Great companies to invest are like wonderful castles, surrounded by deep, dangerous moats where the leader inside is an honest and decent person. Preferably, the castle gets its strength from the genius inside; the moat is permanent and acts as a powerful deterrent to those considering an attack; and inside, the leader makes gold but doesn’t keep it all for himself

- Warren Buffett

Q = Quality of business X Quality of management

There are two aspects to Q: (1) Quality of business and (2) Quality of management. The relationship between the two is multiplicative and not additive. Thus, if one of the aspect is zero, Q will be equal to zero, no matter how high the other.

Quality is a subjective concept, and yet there are several objective indicators of the same, as listed below:


Quality of business

  • Economic Moat, i.e. sustained competitive advantage reflected in return ratios (RoE, RoCE) higher than cost of capital and also those of peers
  • Favourable competitive structure like monopoly or oligopoly
  • Secular and stable business, preferably consumer facing
  • Positive demand-supply situation

Quality of business

  • Competence
    • Sound business strategy
    • Excellence in execution
    • Rational dividend payout policy
  • Integrity
    • Honest and transparent
    • Concern for all stakeholders
  • Growth mindset
    • Long-range profit outlook
    • Efficient capital allocation including growth by acquisitions

Growth creates value only when it takes place within the limits of a strong and sustainable company franchise, and these are rare

- Professor Bruce Greenwald

in his book Value Investing: From Graham to Buffett and Beyond

G = Growth in earnings

In investing, there are two dimensions of growth: (1) Earnings growth and (2) Valuation growth. The G of QGLP addresses earnings growth, whereas the P(rice) takes care of the Valuation growth.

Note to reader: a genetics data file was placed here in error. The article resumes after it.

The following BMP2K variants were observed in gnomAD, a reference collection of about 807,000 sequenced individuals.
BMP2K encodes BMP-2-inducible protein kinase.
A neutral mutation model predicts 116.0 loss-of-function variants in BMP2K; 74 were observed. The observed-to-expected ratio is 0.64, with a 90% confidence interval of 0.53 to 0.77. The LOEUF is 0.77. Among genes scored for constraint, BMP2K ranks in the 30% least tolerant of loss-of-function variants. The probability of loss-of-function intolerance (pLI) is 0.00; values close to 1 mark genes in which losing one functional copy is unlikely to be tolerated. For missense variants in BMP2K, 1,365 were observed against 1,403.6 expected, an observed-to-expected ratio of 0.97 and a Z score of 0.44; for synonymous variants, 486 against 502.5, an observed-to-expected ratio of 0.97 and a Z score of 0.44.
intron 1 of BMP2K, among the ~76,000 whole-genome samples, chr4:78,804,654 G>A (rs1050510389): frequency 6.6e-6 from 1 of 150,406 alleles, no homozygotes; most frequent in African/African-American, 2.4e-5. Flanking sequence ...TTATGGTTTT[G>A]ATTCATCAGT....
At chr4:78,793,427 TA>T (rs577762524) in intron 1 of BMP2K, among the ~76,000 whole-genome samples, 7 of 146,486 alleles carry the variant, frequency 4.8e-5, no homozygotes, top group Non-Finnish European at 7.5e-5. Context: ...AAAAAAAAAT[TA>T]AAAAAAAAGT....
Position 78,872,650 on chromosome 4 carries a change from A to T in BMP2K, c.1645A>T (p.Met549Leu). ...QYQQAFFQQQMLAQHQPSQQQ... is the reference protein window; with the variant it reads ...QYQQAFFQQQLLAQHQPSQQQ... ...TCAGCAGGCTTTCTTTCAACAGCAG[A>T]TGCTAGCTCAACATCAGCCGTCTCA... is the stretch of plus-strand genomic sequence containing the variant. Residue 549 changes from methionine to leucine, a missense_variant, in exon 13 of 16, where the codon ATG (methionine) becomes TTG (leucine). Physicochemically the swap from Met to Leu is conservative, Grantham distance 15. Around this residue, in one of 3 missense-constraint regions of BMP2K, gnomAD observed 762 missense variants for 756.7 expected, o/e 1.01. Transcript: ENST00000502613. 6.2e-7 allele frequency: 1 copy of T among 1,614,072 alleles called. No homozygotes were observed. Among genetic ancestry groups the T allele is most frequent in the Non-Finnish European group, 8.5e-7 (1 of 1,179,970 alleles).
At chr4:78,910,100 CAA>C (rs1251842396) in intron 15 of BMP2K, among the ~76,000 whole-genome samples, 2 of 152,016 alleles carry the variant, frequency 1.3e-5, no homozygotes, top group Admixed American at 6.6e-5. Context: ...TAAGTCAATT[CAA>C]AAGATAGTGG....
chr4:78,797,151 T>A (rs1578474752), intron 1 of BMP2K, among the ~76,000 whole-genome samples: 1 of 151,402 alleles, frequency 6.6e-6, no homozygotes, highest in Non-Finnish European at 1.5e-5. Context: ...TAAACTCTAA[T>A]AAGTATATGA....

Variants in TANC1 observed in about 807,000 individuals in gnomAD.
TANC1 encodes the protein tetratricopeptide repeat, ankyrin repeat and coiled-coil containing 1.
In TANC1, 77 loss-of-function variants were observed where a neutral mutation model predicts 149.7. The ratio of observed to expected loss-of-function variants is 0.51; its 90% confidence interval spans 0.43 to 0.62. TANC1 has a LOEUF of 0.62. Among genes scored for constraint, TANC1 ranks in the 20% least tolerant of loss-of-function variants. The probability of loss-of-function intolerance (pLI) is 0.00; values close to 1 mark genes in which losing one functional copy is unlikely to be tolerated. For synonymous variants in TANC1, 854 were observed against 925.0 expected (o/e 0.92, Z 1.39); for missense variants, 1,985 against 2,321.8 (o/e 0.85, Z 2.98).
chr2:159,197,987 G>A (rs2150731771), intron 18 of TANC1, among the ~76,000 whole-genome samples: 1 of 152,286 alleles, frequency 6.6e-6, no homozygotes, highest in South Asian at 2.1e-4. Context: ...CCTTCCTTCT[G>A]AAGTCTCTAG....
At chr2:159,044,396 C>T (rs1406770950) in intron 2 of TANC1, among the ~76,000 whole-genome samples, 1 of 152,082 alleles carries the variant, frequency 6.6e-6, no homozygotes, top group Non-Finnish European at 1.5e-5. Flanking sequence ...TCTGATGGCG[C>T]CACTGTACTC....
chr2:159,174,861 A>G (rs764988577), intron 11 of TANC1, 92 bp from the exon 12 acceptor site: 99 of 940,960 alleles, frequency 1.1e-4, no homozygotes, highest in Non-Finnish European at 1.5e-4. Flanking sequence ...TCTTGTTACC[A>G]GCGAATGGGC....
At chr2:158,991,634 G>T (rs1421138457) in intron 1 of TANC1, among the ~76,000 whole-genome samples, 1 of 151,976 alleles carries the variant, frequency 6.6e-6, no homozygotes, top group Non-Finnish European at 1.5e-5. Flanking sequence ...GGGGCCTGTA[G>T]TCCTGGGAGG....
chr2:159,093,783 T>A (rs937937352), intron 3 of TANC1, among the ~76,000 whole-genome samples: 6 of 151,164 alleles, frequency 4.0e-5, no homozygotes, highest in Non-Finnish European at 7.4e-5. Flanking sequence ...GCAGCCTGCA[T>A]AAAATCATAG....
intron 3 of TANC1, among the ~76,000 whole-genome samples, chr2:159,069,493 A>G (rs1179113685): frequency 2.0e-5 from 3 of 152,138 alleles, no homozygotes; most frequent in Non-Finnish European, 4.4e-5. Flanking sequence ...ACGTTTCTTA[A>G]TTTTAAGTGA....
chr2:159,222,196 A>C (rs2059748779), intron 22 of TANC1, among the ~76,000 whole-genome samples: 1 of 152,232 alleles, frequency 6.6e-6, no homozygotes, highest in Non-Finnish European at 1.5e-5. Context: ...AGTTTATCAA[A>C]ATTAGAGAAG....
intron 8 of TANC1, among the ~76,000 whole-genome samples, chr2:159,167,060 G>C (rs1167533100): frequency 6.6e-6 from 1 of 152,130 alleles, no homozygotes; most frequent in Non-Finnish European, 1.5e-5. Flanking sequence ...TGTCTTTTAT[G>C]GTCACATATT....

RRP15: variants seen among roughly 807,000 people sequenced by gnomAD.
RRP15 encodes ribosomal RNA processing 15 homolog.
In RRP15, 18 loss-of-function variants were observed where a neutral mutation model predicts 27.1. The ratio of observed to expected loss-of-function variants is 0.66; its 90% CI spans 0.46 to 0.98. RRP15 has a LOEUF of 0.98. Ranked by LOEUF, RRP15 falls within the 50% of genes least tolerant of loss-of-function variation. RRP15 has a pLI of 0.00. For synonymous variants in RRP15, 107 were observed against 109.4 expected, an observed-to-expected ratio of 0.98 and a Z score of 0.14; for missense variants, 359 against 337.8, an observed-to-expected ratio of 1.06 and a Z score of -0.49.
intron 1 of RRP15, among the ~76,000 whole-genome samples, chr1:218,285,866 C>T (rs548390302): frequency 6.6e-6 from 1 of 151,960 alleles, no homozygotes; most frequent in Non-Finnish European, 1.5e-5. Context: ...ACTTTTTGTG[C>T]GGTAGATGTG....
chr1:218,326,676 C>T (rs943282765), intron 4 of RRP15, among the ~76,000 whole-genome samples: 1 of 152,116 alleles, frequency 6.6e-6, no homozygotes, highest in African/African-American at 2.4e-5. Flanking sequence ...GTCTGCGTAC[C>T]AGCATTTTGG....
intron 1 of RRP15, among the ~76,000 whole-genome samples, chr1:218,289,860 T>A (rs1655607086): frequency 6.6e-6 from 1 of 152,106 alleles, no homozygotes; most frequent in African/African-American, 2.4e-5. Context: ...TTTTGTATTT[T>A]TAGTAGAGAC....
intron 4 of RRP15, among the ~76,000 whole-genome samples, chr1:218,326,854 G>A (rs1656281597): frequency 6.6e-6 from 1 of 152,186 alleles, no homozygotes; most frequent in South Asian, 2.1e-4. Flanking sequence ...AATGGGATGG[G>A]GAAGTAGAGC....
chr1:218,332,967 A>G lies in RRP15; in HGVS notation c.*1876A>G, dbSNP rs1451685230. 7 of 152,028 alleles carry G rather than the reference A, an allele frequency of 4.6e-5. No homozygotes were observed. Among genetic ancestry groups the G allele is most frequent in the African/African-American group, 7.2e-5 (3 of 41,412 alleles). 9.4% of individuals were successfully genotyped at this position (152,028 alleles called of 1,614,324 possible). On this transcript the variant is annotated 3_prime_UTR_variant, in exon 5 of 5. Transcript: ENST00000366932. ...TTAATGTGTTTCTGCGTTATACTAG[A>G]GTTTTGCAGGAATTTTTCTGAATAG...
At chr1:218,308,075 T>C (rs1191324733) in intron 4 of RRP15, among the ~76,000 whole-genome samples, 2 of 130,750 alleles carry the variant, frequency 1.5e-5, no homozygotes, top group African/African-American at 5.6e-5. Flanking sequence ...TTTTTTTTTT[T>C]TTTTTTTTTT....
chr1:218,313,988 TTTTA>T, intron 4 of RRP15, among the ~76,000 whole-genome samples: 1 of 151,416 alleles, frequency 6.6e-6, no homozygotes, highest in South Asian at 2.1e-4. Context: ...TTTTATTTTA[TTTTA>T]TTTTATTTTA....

Earnings growth by itself doesn’t mean much. It adds value only when the company earns returns on capital higher than the cost of capital. Hence, growth is simply an amplifier: good when returns exceed the cost of capital, bad when returns are below the cost of capital, and neutral when returns equal the cost of capital.

In the final analysis, G (i.e. earnings growth in a company) is a quantitative reflection of Q (i.e. quality of business and management). G has four dimensions:

Quality of business

  1. Volume growth - a function of demand growth matched by company’s capacity to supply;
  2. Price growth - a function of company’s pricing power, which in turn is a function of the competitive landscape;
  3. Operating leverage - a function of the company’s operating cost structure; higher the fixed cost, lower the unit cost incidence on increased volumes, and higher the operating leverage;
  4. Financial leverage - a function of capital structure; higher the debtequity, higher the financial leverage and vice versa.

We like great companies with dominant positions, whose franchise are hard to duplicate and has tremendous staying power or some permanence to it.

- Warren Buffett

L = Longevity of quality and growth

Having established the present quality and earnings growth of the company, the next challenge to investors is assessing how long it can sustain both. In the context of longevity, competence of management is tested at two levels:
(1) Extending CAP, and
(2) Delaying growth slowdown.

Extending CAP: Competitive Advantage Period (CAP) is the time during which a company generates returns on investment that exceed its cost of capital. Competition eventually drives down returns to cost of capital, and sometimes even below it. However, a company with a great business and great management keeps extending its CAP, sustaining high return both for itself and its equity investors.

Delaying growth slowdown: Competent managements can delay growth slowdown by
(1) New streams of organic growth, and/or
(2) Inorganic growth via judicious acquisitions.

In the Bible, it says that love covers a multitude of sins. Well, in the investing field, price covers a multitude of mistakes. For human beings, there is no substitute for love. For investing there is no substitute for paying right price – absolutely none.


Outstanding Investor Digest, Apr-04

P = Price (i.e. Favourable valuation)

Growth in stock price is a multiplicative function of growth in earnings and growth in valuation. The simplest way to improve the odds of valuation growth is by ensuring favourable purchase price.

The price of a stock has to be seen in conjunction with the value it offers. Price is what we pay; value is what we get. Therefore, stock prices are attractive only when they are less than the value perceived in the stock

Few other measures of favourable purchase price

  • Discount to historical valuation bands – P/E, Price/Book
  • PEG Ratio (i.e. P÷E÷Earnings growth; the lower the better)
  • Discount to DCF value (Discounted Cash Flow) or Replacement cost
  • Low Payback ratio (i.e. Market cap/Expected profits of next 5 years)
  • High dividend yield
  • Absolute Market cap relative to the size of opportunity